Now, I've sold a lot of weird crap on EBay over the years, but I thought I knew a few things about comics and what was worth dough. Clearly not, since the Wolverine comics totaled $12.99, which is slightly more than 6 issues of Count Duckula. I know Wolverine under-performed at the box office, but that's kind of an insult.

So, because things started to fizzle on eBay, I tried Craig's List. My logic here was simple; if I can get a comic fan into my apartment, maybe I can unload more comics. It worked. My listing of Avengers/Fantastic Four/Dr. Strange/Alpha Flight sold to a kid from Salem, who then went through the long boxes and bought some more, and I got an extra five bucks out of him. Very pleased. I think the Craig's List thing works because you don't have to rely on the very few people interested in these comics happening upon your auction for the seven days it's there.

Still, as I consider myself an eBay guy, I was shocked that I didn't quite get as much on there as I thought. Now, there is not a whole lot you can do to hype up your stuff on there. If no one wants it, then no one wants it. And this whole experience has me thinking (along with the fact that my local post office is now closed): after almost a decade of selling my old crap (and other people's old crap), I an starting to wonder where all the money has gone. I have sold hundreds of items, and yet I am still below the poverty line. I'm not sure if I should ask myself where I would be financially if I hadn't sold all that stuff, or where I would be if I had not spent so much time wandering to the post office and listing this stuff. Other than my car, I've never really made good money on anything from eBay, so maybe it's time to take a break and see what happens.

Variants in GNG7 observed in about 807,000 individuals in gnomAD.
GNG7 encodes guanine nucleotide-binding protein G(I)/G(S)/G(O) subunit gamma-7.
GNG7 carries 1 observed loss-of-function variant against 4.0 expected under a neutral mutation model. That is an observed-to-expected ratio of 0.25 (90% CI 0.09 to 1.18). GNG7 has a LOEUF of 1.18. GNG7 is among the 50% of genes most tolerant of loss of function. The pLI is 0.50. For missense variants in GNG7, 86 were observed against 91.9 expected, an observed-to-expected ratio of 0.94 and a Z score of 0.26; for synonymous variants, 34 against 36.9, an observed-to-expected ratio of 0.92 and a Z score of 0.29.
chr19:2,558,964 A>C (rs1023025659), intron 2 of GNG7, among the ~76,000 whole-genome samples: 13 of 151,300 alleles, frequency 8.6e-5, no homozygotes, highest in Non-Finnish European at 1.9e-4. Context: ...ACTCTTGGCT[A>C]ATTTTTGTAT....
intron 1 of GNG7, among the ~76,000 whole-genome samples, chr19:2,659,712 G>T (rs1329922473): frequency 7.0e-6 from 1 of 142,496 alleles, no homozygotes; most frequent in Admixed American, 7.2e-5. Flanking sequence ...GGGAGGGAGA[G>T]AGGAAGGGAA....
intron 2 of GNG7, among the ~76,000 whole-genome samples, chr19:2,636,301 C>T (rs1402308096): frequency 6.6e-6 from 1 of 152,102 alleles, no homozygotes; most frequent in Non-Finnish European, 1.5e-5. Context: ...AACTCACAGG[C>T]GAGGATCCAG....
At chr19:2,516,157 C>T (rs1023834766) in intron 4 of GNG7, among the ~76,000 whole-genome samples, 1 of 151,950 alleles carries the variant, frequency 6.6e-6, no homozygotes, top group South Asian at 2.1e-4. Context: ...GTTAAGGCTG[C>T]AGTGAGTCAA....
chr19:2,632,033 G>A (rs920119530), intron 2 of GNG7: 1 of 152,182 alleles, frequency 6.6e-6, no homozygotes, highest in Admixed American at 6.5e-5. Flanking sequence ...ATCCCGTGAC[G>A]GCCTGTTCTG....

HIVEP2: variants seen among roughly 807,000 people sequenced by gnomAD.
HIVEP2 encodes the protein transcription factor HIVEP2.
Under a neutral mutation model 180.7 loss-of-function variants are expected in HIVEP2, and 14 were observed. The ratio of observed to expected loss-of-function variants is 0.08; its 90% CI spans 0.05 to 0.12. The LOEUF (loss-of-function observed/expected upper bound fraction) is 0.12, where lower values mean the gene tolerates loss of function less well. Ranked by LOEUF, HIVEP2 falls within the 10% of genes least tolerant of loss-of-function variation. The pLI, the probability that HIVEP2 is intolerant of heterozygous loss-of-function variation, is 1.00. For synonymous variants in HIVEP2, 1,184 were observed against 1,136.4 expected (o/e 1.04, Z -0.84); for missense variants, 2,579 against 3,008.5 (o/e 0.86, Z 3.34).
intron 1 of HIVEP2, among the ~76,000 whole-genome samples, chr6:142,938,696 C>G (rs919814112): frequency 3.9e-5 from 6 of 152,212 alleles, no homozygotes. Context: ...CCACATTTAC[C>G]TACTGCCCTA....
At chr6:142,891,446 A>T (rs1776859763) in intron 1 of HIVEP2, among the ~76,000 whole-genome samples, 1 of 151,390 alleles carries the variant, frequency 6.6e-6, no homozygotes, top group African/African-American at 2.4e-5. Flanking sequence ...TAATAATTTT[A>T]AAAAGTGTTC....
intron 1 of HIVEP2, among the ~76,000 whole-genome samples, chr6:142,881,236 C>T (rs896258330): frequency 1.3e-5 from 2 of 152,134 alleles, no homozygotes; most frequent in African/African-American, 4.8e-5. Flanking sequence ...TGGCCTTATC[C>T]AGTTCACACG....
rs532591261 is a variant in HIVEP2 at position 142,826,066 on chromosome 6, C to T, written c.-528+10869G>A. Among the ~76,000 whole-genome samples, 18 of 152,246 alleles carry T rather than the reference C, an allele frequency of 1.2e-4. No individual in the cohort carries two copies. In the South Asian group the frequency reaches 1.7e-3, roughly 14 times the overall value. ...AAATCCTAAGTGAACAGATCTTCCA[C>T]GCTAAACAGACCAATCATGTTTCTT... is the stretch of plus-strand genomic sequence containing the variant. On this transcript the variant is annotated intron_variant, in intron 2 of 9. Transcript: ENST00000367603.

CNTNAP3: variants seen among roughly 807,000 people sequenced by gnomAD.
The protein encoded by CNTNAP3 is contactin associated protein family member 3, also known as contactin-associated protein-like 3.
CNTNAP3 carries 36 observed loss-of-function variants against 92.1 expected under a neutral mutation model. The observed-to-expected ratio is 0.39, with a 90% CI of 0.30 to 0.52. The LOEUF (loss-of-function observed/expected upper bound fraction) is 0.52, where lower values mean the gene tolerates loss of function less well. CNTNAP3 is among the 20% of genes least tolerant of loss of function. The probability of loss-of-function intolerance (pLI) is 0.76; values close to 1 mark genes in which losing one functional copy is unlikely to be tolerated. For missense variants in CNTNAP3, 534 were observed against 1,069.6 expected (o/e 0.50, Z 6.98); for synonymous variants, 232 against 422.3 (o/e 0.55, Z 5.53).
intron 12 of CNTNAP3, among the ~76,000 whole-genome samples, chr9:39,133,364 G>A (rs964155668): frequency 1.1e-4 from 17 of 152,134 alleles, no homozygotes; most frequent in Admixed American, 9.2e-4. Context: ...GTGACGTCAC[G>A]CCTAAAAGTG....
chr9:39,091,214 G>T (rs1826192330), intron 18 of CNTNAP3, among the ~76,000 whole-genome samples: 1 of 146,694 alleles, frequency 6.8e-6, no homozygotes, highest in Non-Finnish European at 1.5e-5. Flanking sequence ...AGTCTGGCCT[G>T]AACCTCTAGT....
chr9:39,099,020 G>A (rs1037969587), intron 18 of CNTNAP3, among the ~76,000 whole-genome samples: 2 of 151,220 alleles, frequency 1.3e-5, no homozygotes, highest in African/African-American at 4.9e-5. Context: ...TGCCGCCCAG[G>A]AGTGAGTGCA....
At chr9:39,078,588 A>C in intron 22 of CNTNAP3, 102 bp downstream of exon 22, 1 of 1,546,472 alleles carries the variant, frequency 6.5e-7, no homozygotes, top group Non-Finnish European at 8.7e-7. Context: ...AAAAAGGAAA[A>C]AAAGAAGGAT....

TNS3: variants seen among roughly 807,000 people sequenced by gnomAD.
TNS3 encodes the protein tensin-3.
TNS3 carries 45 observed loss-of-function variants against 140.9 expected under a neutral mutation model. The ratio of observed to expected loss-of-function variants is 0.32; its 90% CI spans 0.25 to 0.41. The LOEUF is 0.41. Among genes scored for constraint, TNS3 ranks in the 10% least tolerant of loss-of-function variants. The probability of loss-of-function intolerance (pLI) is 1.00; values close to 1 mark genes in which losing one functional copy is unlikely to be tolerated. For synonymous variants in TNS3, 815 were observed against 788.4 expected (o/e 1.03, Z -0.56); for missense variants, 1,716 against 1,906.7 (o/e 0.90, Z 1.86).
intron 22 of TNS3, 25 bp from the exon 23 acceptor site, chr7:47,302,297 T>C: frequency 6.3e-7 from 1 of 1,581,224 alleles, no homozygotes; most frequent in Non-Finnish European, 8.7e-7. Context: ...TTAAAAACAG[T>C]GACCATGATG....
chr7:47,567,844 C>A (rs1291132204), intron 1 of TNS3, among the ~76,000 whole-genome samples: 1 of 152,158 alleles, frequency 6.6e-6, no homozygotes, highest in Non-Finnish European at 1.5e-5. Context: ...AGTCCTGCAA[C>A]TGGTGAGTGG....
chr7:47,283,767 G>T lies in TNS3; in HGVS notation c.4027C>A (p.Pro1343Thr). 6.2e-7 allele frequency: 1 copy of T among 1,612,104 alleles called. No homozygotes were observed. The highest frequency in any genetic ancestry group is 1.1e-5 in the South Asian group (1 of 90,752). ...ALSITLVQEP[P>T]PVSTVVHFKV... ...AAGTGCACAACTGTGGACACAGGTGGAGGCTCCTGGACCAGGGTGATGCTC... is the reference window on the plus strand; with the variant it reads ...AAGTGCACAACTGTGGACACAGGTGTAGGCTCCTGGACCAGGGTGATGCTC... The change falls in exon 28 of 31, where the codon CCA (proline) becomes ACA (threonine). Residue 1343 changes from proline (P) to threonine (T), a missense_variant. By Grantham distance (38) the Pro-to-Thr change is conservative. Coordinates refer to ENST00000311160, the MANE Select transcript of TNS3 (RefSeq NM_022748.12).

After I empty those long boxes.

Monday, July 13, 2009

Playing... for Money

With the pending bloom of Hollywood East, we have recently seen and heard of a plethora of movies being filmed in the Boston area, and the entire state seems to be aflutter. Literally.

Last Friday, my friend and I attended a casting call for a Ben Affleck movie being shot in the area called My Town, or The Town, or Our Town (okay, not that last one.) In some ways, this was not your typical cattle call, because they specifically asked for people with a Boston accent, and even asked each attendee to read a line to see if we had what it took. Of course, what I took were classes to try and get rid of my Boston accent, so alas, my size card was not adorned with the "BA" initials. Which I learned did not stand for "Bad Actor" or Mr. T's character from the A-Team. It stood for "Boston Accent." So, I probably won't get my line, but I'm not sure if I'm terribly disappointed in that fact. I'd rather not sound like Ted Kennedy all the time than tell people, "Hey, I once had a line in a movie and sounded like a dope."

The thing is that most of the people there would love to have that line. And not because it was a little more money and a better meal than the extras. They are all looking for their big break, and I guess they think that one line in one movie will catapult them to stardom. And of course! I mean, think of the many interviews with famous actors that you've read that featured an answer like, "Yeah, I was hanging out in Extras Holding when a PA came up to me and said, 'You! You're my star!' and the rest is history." I know there's resume-building and all that, but the desperation in some of these people's faces is amusing, if it weren't so sad.

Despite my history as Dursin the Firestarter, Dr. Demento and Ookla from the planet Zonk in my early filmmaking career, I have never fancied myself an actor. In fact, I think I kind of stink. Maybe I could be passable in a comedy, but probably only the kind I'm used to, where there wasn't actual dialogue to memorize and I got to just say whatever the Hell I wanted. I'm not really one for "the process" of putting yourself in the character. In reality, it's just playing, much the same way my friends and I would play in the yard when we were kids, and I insisted on being Spider-Man or I would go home crying.